Donovan's suicide was a crushing blow for Bailey. "It was hard," he says, suddenly looking lost and fidgeting with a paperback of Bukowski's Ham on Rye. "It was the worst thing that ever happened to me. I do miss him. Oh, he was funny, probably one of the funniest people I've ever met. He had that gritty Cockney humour. I guess he got bored with life. I think part of the problem is that he got too obsessed with money, rather than what he was doing. But, then, if you were brought up like we were, you don't want to do without money."
In 1960, before the mods and rockers, Carnaby Street, the Beatles and the Stones, the Terrible Three -- Bailey, Terence Donovan and Brian Duffy -- had burst onto the London scene with an irreverent attitude and keen sense of style. The laddish young snappers from the East End -- whose lifestyles reflected the emerging youth culture -- had gatecrashed the elite, ephemeral world of fashion and made it edgier, sexier and more esoteric. Antonioni's 1966 cult film Blow-Up immortalised the Bailey myth, depicting his life as the cool, womanising photographer. While Duffy and Donovan burned out and disappeared, Bailey continued to reinvent himself with his portraits and films, gaining fresh notoriety through his famous Lynx anti-fur cinema ad -- "It takes a dozen dumb animals to make a fur coat and just one to wear it."
Bailey bristles slightly when I revisit the Sixties.
"It's dull," he says dismissively. "You're not going to get anything out of me if you keep asking about the bloody Sixties. The decade didn't end in 1969. Look at you, you've got a Sixties haircut, a Sixties face, even. I guess that qualifies you to be obsessed with the Sixties. Well, you shouldn't be."
There is a tendency to romanticise all the excitement and energy, says Bailey, "and it was fabulous", but it was also a "horrible, superficial" decade.
"It was great for about 500 people in London, but rotten if you were a coalminer in Yorkshire. People had dandruff because there weren't any good shampoos. Everybody ate shit food. There was still food rationing. And there was that awful middle-class Look Back in Anger view of life. Most of those angry young men were frauds. Before Michael Caine, all the actors were posh and they put on Cockney accents. And they sounded appalling, like Guy Ritchie, who, by the way, isn't from the East End. Barely knows where it is. He went to public school. I mean, I had a great time in the Sixties. I used to see the Rolling Stones and Beatles at the Ad Lib club in '63 or '64. I was mates with all these people from the start. Mick was going out with Jean's sister, Chrissy."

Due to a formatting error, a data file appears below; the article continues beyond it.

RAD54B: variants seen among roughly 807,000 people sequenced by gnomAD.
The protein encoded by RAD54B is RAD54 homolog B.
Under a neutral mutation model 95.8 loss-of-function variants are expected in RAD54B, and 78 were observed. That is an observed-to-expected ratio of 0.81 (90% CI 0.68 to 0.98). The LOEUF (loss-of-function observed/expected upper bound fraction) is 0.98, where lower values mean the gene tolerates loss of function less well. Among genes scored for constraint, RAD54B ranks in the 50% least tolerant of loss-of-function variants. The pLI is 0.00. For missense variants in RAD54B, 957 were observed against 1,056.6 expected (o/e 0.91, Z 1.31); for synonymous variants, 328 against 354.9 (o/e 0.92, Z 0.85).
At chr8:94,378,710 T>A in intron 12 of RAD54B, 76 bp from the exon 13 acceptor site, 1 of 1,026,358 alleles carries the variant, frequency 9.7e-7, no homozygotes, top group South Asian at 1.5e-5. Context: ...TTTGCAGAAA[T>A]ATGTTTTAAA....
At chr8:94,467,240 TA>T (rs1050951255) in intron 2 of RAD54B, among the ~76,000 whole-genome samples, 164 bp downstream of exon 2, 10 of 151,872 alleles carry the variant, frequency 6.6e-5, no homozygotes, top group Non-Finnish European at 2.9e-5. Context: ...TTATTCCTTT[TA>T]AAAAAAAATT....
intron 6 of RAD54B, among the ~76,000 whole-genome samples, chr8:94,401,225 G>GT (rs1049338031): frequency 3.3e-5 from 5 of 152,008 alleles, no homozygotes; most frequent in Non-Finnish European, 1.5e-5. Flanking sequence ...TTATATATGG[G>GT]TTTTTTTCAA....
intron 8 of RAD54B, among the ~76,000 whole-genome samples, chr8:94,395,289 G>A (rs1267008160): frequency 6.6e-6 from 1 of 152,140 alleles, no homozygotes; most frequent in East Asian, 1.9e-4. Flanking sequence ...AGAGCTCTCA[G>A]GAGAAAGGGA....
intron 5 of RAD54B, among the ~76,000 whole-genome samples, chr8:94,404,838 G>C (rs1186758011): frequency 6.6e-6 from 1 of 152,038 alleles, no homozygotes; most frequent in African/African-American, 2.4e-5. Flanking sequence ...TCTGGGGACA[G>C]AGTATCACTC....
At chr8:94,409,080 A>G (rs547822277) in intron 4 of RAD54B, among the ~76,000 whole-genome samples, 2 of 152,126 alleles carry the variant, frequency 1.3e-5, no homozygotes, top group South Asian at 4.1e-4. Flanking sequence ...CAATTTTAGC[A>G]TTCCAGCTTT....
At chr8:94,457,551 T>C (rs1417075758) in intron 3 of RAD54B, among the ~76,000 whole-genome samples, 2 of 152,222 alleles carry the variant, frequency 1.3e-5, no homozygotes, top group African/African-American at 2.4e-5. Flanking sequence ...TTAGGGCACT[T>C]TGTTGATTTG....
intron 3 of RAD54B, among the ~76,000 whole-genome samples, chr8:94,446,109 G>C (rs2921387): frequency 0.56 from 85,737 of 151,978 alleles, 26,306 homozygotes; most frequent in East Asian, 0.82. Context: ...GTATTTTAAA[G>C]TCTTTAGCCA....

Back then, he says, celebrities were very different to the "vacuous, boring cunts" he runs across today. "Most of them were famous for actually having some sort of talent. They were normal, down-to-earth people. Now they bring their PRs and their minions. They can't cross the road without their bloody PRs -- actually, it tends to be the second-raters who do that. People like Jack Nicholson and Johnny Depp still turn up on their own."
A working-class boy from Leytonstone, Bailey is similarly clear-sighted and coldly objective about his own life.
"There was nothing in the East End," he says of his early childhood, which was clouded by the war. "It was a wasteland; cinemas and bombed churches."
When his family home was blitzed, they moved to East Ham with his Aunt Dolly, where he and his sister grew up with a bull terrier and a parrot. He doesn't like to dwell on long-past miseries, but it was a tough life, "all bombs, funeral hearses and hiding out in the cellar". He came to understand over that time, surrounded by death, how fortunate he was and how he "learned not to waste a minute".